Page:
August 6, 2008

Pineapple Express (08/06/08)

Although The Dark Knight is (and will likely remain) the movie I've most enjoyed this summer, I'm not lying when I say that Pineapple Express is a close second. The flick starts off in somewhat familiar territory as a slackers-on-the-run-from-the-mob comedy, but then the picture segweys into a completely over-the-top, balls out action-comedy extravaganza as the two leads unwittingly trigger a full-scale drug war. It reminds me of 2007's Hot Fuzz in that the writing is original and fresh and director David Gordon Green's staging is as good as any you'll see in a straight-up action movie, but there's just the right twist of sarcasm and ridiculousness to make everything perversely genius.

I'm not a pot smoker myself, and apart from The Big Lebowski I usually don't like stoner comedies much, but that's not exactly what this movie is. It's more like an extreme hodge-podge of man-on-the-run, super-action, and kung-fu flicks with some relatively inoffensive weed humor thrown in, as opposed to the more typical pot flick about dopey, stoned guys having a low-grade adventure (see How High, Half-Baked, the films of Kevin Smith, and the Cheech & Chong septet).

The script was written by Evan Goldberg and actor Seth Rogen, who also wrote last year's Superbad. Refreshingly, Rogen has put himself in slightly more of a straight-man role this time, playing the more clear-headed of the two stoners opposite James Franco, who really steals the movie as pot-dealer Saul. Reportedly, Rogen wrote the Saul part with himself in mind, but realized in an early read-through that Franco would be much funnier in the role. That's not to say that Rogen didn't give himself a fair share of great lines and moments too, but you also have to award him mucho credit for giving up a plum part in the spirit of making the picture better.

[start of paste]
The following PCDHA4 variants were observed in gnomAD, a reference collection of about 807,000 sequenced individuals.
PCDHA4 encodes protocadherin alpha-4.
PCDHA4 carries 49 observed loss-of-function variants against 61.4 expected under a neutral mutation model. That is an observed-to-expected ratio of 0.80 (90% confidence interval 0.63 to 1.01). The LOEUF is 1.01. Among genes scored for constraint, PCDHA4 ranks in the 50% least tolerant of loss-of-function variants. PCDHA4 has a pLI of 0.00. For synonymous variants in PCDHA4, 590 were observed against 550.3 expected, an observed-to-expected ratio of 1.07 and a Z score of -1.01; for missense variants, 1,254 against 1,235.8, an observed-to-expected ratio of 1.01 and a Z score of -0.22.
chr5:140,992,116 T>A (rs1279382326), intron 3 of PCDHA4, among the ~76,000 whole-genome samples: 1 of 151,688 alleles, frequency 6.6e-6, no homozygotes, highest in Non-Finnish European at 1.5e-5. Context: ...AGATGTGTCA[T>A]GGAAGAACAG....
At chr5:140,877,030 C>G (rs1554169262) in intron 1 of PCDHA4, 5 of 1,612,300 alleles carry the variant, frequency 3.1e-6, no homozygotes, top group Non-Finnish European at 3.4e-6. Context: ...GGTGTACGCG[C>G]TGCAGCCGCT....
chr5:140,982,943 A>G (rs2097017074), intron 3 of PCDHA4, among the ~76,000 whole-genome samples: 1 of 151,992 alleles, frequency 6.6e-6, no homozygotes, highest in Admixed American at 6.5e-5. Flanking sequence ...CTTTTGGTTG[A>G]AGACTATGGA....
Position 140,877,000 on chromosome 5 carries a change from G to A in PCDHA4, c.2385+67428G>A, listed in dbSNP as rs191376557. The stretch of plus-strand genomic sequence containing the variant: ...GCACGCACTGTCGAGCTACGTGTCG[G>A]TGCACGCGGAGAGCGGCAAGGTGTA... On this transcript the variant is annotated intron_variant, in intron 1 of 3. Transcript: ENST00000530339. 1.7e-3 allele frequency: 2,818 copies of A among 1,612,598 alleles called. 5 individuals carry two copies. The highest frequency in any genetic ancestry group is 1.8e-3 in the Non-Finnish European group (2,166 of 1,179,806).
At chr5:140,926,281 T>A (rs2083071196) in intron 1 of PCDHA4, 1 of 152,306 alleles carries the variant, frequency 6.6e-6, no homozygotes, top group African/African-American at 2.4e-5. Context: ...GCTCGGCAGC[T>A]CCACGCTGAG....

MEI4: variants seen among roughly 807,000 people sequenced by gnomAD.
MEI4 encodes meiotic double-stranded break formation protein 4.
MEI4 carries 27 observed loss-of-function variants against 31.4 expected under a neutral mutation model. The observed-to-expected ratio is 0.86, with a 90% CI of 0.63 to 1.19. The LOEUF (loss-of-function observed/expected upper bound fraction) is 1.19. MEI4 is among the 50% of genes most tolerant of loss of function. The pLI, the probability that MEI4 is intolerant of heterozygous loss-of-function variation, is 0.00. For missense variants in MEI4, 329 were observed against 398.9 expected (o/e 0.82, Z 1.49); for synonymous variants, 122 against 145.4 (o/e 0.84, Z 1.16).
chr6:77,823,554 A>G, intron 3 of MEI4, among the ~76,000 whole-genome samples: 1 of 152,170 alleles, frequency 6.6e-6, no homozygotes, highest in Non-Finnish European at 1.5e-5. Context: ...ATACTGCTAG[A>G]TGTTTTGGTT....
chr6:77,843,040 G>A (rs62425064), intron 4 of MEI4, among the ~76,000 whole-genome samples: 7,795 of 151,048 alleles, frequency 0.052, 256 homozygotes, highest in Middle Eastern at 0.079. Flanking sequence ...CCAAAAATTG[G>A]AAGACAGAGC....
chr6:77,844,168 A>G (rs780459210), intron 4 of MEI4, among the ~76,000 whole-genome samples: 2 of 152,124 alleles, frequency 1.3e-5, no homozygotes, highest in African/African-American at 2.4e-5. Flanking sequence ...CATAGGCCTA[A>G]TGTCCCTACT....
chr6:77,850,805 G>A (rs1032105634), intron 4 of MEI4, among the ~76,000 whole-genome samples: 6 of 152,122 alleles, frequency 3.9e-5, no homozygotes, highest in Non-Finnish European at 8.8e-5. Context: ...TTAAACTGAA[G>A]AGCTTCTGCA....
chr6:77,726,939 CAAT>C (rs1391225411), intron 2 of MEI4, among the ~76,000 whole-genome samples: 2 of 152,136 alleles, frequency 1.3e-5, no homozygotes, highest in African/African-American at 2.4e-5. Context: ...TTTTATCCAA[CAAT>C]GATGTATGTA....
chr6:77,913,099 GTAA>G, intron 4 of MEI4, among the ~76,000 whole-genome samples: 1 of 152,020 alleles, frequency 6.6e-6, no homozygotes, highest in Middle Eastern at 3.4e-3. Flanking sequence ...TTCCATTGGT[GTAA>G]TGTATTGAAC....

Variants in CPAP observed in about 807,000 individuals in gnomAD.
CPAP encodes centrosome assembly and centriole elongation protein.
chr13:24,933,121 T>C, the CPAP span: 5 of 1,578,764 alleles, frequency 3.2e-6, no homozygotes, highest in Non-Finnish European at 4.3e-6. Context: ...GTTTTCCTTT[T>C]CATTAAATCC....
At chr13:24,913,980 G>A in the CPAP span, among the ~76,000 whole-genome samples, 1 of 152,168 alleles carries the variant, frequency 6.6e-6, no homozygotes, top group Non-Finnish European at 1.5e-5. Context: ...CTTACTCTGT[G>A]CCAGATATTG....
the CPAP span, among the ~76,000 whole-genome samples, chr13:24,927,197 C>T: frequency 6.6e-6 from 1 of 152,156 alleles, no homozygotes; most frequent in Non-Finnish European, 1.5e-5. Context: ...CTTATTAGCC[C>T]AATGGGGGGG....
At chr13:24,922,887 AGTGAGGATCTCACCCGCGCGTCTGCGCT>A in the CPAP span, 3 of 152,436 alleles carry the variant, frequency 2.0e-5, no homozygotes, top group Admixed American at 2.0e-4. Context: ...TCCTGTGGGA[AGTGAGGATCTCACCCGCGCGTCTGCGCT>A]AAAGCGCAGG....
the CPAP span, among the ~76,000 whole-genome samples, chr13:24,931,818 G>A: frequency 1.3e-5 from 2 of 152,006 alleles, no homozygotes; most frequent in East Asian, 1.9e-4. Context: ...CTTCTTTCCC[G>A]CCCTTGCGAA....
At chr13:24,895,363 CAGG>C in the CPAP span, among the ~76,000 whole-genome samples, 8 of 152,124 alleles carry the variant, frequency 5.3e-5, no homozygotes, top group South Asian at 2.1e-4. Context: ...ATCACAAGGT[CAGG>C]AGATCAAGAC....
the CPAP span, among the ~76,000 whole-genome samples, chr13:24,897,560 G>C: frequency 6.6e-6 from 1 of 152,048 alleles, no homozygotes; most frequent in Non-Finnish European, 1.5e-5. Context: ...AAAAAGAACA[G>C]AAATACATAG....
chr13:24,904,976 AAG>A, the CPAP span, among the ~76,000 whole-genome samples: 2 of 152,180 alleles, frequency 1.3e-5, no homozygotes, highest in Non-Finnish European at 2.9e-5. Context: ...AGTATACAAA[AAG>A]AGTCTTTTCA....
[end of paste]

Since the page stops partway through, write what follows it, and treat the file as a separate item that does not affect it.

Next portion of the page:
There are a number of wonderful surprises and truly funny scenes in this movie, but in the interest of spoiling as little as possible, I'll keep my comments protectively vague. One observation I will make, though, is that I found it hysterical that a number of plot lines were simply thrown out the window when the show-down neared. The supporting cast is stellar, and the score by Graeme Revell is cheesy and great.

After the movie, Laura and I talked a little about the vague attempt at a "kids, too much pot can lead to bad things" message at various points. I, too, felt that it seemed half-hearted at best, but I'm not sure that impressionable kids will walk away thinking that either of the leads are especially cool guys who are enviable for many reasons anyway.

All in all, Pineapple Express is inventive, crazy, and a hell of a lot of fun. It will make a nice companion piece to Hot Fuzz and Lebowski on my DVD shelf someday... praise which, perhaps, is the highest I can give to any movie, new or old.

Lettergrade: B

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